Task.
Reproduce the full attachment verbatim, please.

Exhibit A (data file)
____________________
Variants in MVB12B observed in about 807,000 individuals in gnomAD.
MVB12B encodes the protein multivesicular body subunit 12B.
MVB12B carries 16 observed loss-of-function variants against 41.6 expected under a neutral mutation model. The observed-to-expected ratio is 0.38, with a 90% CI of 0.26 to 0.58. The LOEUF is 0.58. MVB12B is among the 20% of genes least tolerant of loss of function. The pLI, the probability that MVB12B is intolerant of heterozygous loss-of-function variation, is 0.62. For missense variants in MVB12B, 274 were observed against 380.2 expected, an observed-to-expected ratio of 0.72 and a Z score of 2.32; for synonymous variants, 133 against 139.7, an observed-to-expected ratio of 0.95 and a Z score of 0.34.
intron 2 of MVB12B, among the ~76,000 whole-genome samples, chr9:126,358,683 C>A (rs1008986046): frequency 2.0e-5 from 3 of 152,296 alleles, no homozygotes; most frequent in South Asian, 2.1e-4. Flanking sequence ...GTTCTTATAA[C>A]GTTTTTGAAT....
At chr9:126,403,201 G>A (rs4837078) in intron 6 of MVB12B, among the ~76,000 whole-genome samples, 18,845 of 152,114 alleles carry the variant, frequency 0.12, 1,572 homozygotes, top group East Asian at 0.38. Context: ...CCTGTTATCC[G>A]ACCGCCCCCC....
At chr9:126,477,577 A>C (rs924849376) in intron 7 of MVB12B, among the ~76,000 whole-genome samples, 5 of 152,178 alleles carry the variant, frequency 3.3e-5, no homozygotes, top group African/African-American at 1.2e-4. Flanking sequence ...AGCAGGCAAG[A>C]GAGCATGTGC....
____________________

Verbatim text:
Variants in MVB12B observed in about 807,000 individuals in gnomAD.
MVB12B encodes the protein multivesicular body subunit 12B.
MVB12B carries 16 observed loss-of-function variants against 41.6 expected under a neutral mutation model. The observed-to-expected ratio is 0.38, with a 90% CI of 0.26 to 0.58. The LOEUF is 0.58. MVB12B is among the 20% of genes least tolerant of loss of function. The pLI, the probability that MVB12B is intolerant of heterozygous loss-of-function variation, is 0.62. For missense variants in MVB12B, 274 were observed against 380.2 expected, an observed-to-expected ratio of 0.72 and a Z score of 2.32; for synonymous variants, 133 against 139.7, an observed-to-expected ratio of 0.95 and a Z score of 0.34.
intron 2 of MVB12B, among the ~76,000 whole-genome samples, chr9:126,358,683 C>A (rs1008986046): frequency 2.0e-5 from 3 of 152,296 alleles, no homozygotes; most frequent in South Asian, 2.1e-4. Flanking sequence ...GTTCTTATAA[C>A]GTTTTTGAAT....
At chr9:126,403,201 G>A (rs4837078) in intron 6 of MVB12B, among the ~76,000 whole-genome samples, 18,845 of 152,114 alleles carry the variant, frequency 0.12, 1,572 homozygotes, top group East Asian at 0.38. Context: ...CCTGTTATCC[G>A]ACCGCCCCCC....
At chr9:126,477,577 A>C (rs924849376) in intron 7 of MVB12B, among the ~76,000 whole-genome samples, 5 of 152,178 alleles carry the variant, frequency 3.3e-5, no homozygotes, top group African/African-American at 1.2e-4. Flanking sequence ...AGCAGGCAAG[A>C]GAGCATGTGC....